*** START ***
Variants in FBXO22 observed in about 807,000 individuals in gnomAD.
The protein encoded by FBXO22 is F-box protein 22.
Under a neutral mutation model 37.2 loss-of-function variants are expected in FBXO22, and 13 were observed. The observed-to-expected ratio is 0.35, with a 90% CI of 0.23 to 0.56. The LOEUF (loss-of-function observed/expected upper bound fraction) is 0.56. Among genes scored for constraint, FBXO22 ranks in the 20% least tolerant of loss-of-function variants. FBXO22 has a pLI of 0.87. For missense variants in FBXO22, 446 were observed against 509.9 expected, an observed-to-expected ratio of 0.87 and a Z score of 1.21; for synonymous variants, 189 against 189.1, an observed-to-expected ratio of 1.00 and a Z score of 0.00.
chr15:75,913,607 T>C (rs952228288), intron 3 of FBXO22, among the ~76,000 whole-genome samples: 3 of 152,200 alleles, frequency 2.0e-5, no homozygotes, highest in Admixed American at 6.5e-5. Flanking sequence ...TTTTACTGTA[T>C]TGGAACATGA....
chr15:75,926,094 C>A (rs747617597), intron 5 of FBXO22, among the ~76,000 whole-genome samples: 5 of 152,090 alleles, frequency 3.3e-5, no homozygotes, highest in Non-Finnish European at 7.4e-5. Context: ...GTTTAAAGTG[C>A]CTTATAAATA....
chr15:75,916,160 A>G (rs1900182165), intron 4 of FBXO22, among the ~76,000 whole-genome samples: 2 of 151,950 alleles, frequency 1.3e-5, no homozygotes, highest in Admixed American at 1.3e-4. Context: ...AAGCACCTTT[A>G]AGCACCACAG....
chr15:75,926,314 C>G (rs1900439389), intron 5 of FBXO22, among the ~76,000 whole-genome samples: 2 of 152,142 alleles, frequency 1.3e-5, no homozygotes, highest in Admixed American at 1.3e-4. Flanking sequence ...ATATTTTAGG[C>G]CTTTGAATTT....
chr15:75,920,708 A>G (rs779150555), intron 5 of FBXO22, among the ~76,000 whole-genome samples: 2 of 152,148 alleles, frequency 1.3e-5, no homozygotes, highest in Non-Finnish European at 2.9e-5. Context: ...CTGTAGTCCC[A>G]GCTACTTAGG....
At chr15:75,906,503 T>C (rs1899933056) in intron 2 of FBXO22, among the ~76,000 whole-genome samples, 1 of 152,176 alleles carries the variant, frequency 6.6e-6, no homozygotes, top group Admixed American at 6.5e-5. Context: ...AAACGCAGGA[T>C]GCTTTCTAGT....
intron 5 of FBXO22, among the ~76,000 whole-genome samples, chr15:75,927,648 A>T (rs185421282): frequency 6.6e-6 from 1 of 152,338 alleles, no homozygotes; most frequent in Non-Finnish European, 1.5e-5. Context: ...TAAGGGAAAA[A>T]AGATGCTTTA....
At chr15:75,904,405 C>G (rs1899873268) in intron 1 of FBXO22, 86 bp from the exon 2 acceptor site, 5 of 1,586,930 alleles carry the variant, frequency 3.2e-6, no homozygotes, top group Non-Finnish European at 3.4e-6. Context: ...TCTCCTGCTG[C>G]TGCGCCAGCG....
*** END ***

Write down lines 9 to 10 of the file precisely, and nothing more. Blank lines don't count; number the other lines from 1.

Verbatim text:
At chr15:75,906,503 T>C (rs1899933056) in intron 2 of FBXO22, among the ~76,000 whole-genome samples, 1 of 152,176 alleles carries the variant, frequency 6.6e-6, no homozygotes, top group Admixed American at 6.5e-5. Context: ...AAACGCAGGA[T>C]GCTTTCTAGT....
intron 5 of FBXO22, among the ~76,000 whole-genome samples, chr15:75,927,648 A>T (rs185421282): frequency 6.6e-6 from 1 of 152,338 alleles, no homozygotes; most frequent in Non-Finnish European, 1.5e-5. Context: ...TAAGGGAAAA[A>T]AGATGCTTTA....